This week’s post is by Daryl Brown, who writes from South Africa. Early next year, he will begin his studies to become a psychologist, and he’s a member of the South African Depression and Anxiety Group, which runs depression education programs in underprivileged schools across the country. “There is much ignorance about suicide and depression in South Africa, which has caused a perception that one should not talk openly about it,” he says.
Also, some news: The National Suicide Prevention Lifeline website in the U.S. should be launching a page today for attempt survivors and others who’ve been suicidal. Here’s Daryl:
I did not admit that I suffered from depression until after my suicide attempt. Depression seemed like an excuse other people made for getting attention or not being able to solve their own problems. I did not associate that with what I had. What I had was just a restless, uneasy, niggling sadness that I kept to myself. So last year, when that niggling sadness grew into a gaping black hole that swallowed my joy and enthusiasm and hope for the future, I quietly put my affairs in order and opted out of life. But life was not ready to let me go. (more…)
In July, this video launched to raise international awareness about suicide and suicidal thinking in law enforcement. It features Det. Jode Sprague of the Denver Police Department talking openly about his own suicidal thinking. We spoke with him soon afterward about “coming out,” what crisis response looks like from his point of view, and more. (more…)
We’re taking a break for August, since it’s holiday season. We leave you with this update from Australia, where Suicide Prevention Australia recently held a Lived Experience Symposium that brought together attempt survivors and loss survivors to create a national manifesto that will be available for public comment later this month. Until then, here’s more about it. And for more about Mic Eales, the artist featured in the video above, there’s this. And here’s his beautiful PhD thesis.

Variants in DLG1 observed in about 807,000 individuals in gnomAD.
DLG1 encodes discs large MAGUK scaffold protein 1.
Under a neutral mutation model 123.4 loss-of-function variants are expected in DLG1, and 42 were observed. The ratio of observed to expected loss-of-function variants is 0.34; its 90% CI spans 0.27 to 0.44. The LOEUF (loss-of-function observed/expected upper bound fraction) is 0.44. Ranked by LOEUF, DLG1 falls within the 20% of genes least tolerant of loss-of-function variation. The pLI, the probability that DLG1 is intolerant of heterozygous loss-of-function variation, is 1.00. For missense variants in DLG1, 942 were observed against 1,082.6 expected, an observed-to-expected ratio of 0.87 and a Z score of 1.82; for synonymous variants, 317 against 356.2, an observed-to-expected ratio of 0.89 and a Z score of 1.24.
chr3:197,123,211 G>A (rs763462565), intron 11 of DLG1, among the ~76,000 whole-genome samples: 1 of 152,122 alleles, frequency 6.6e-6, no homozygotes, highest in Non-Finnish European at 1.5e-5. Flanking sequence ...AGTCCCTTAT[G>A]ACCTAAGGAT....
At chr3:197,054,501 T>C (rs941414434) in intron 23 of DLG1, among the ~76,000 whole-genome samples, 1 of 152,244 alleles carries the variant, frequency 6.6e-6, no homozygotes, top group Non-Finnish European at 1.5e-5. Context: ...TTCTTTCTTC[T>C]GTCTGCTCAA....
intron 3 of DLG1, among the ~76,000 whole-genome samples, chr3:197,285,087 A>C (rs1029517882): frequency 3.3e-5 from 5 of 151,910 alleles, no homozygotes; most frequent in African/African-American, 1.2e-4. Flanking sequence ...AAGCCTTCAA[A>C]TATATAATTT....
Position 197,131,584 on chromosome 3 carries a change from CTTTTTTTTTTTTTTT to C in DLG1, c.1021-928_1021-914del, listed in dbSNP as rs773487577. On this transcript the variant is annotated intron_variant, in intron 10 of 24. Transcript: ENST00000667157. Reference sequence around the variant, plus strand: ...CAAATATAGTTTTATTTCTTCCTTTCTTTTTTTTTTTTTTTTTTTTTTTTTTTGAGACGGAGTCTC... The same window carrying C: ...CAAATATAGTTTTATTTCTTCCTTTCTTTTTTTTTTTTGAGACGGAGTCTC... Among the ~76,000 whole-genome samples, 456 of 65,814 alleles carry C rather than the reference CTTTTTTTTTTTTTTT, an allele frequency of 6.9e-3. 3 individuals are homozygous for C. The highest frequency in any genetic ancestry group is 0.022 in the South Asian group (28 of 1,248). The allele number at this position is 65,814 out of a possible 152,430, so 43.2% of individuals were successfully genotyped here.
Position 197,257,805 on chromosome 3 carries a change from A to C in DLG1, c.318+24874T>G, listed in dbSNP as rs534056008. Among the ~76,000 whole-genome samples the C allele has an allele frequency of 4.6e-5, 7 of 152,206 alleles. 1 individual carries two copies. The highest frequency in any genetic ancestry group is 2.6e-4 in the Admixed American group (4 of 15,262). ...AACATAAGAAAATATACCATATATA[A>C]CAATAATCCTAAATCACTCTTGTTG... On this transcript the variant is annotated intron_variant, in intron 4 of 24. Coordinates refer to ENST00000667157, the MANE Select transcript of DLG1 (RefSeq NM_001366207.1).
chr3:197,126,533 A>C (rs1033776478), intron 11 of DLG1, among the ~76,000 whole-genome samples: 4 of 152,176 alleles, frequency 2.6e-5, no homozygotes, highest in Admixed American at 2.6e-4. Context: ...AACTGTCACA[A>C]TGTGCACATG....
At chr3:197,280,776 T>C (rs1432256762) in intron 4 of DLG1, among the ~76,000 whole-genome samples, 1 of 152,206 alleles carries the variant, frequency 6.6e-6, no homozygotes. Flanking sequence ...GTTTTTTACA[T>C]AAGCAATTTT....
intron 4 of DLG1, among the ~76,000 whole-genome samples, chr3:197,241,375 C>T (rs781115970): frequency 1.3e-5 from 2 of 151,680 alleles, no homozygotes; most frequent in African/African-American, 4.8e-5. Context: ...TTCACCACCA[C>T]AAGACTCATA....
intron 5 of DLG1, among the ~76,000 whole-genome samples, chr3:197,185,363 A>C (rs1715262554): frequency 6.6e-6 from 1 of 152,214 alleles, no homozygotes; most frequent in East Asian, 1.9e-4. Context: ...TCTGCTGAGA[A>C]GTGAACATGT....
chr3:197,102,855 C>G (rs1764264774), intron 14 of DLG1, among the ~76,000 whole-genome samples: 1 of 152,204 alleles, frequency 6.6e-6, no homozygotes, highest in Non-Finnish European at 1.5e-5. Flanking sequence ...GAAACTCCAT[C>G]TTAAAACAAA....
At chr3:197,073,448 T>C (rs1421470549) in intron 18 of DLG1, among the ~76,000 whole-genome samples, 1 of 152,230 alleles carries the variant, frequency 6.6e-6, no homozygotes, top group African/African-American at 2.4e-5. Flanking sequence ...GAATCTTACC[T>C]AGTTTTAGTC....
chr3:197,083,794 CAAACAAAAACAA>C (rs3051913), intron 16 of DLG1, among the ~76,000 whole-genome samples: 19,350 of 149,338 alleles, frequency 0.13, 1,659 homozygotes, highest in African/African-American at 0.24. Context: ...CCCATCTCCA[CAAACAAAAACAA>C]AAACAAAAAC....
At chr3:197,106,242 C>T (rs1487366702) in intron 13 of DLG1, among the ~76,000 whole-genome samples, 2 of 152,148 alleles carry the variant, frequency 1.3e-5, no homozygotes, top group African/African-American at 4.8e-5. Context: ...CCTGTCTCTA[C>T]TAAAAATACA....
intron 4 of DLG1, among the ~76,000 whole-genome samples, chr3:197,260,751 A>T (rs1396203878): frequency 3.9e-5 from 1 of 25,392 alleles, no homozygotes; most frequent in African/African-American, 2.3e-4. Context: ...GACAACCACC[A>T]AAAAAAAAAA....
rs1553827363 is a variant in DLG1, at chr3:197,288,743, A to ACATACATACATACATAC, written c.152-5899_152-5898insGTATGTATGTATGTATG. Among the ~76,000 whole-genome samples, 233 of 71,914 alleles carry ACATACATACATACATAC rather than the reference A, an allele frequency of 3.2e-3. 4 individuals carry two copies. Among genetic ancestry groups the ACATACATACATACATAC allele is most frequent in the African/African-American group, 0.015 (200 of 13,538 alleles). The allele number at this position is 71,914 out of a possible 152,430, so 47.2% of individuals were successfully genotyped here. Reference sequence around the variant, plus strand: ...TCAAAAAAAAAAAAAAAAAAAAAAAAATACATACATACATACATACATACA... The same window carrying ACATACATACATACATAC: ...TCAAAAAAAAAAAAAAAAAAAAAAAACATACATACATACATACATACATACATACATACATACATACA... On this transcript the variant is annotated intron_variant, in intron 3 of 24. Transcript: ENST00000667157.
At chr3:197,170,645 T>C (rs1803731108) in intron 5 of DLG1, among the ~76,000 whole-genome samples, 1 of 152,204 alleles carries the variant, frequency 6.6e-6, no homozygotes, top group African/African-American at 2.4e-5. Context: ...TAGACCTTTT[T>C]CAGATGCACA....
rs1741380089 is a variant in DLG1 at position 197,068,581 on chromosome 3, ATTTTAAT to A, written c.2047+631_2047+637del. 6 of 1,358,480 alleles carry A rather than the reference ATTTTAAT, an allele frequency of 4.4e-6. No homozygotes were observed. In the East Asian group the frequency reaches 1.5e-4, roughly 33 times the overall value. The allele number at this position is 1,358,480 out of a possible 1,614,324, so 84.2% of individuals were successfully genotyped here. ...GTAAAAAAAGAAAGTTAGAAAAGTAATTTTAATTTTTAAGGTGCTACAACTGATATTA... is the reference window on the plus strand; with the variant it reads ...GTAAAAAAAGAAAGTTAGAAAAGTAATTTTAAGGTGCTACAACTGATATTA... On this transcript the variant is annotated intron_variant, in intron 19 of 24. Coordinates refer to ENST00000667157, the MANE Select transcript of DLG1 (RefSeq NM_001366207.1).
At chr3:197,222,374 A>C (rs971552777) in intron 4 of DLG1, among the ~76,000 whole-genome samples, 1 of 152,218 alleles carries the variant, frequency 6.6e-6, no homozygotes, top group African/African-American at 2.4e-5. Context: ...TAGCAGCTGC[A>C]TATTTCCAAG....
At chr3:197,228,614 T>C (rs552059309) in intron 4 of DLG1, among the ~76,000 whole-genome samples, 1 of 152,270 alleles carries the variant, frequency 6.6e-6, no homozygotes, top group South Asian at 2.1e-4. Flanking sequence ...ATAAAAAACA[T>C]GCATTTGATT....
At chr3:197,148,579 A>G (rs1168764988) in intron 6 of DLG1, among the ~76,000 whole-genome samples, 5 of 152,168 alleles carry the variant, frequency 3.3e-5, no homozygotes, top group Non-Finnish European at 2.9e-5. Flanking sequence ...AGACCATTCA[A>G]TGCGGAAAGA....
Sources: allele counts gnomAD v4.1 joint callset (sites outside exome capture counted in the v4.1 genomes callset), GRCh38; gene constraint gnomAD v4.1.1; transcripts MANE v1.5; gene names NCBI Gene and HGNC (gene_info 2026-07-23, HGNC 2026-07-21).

Five years ago, Suicide Prevention Australia published the kind of confidence-builder that the new #WayForward report demands of U.S. mental health organizations: A statement of support for attempt survivors and others who’ve been suicidal. The Australian statement is here.
Organizations in the U.S. and elsewhere, your turn.
Approximately six years ago, a 34-year old woman killed herself. But the paramedics managed to revive her. Waking up from a coma two days later and being assessed as having no long-term mental or physical injury as a result of the suicide attempt, the woman was discharged from the intensive care unit to a psychiatric unit. After two months with this service, the woman asked to be discharged. She felt that this request was quite reasonable: Her immediate acute mental illness symptoms had been addressed.
The psychiatrist refused to entertain any notion of discharge at this time, her reason being that the woman was not in relationship with anyone or anything. You see, she argued, being in relationship with people is absolutely fundamental to living well. So that is what the woman spent the remainder of her time with the unit, a further five months, doing: working on re-learning and practicing being in relationship with herself, her family, her friends and her community.
And what is she doing now? Actively engaging in her roles as a mother and wife, working, dancing, writing, holidaying and shopping _ something which I particularly enjoy. (more…)
This week’s post is by Ann Taylor. She’s an aspiring advocate for suicide prevention, 51, the mother of two teenage boys, a domestic violence advocate, a photographer and a physical therapist. This is her coming-out:
so, here’s my story.
aug. 2007: “mom has passed,” my brother says.
aug. 2008: “i’m done,” my husband says.
feb. 2009: “i love you, dad,” i say for the last time.
jan. 2010: “he didn’t make it,” my friend discloses.
a turn of events that happened just so very quickly. some expected, some by surprise. (more…)